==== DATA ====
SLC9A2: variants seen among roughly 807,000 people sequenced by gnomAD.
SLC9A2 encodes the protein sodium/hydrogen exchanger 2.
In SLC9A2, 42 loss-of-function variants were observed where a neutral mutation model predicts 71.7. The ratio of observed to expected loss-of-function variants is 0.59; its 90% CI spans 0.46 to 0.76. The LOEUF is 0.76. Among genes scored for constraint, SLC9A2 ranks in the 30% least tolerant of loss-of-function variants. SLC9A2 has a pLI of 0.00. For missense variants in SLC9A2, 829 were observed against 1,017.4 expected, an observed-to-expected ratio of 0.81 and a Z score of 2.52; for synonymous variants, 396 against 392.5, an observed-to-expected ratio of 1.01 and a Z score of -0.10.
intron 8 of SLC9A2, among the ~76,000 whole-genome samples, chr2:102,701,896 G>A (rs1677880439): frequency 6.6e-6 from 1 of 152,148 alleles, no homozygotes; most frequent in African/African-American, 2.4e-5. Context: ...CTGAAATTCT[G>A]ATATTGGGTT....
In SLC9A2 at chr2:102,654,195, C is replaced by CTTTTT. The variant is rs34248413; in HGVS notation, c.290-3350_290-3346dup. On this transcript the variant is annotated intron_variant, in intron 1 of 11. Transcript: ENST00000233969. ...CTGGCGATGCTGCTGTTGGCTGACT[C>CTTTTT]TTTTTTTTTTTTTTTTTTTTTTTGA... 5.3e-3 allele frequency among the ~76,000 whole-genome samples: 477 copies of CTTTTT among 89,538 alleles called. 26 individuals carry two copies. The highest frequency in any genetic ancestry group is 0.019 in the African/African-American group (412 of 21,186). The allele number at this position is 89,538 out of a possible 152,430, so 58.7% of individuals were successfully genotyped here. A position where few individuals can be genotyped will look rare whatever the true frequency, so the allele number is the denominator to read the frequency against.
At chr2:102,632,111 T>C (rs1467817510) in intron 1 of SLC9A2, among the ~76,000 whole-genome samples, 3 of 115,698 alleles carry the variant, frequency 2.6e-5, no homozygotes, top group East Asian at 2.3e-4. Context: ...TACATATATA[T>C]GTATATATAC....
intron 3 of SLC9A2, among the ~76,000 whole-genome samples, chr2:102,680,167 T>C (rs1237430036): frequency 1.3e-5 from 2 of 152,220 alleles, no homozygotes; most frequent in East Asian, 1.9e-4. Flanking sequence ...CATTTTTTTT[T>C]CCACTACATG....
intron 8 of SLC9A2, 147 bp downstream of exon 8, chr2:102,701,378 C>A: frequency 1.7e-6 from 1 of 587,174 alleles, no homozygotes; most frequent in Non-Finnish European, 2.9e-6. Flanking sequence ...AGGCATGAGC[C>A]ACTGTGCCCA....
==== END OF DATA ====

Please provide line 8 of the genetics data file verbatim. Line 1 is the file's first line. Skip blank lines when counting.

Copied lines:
intron 8 of SLC9A2, 147 bp downstream of exon 8, chr2:102,701,378 C>A: frequency 1.7e-6 from 1 of 587,174 alleles, no homozygotes; most frequent in Non-Finnish European, 2.9e-6. Flanking sequence ...AGGCATGAGC[C>A]ACTGTGCCCA....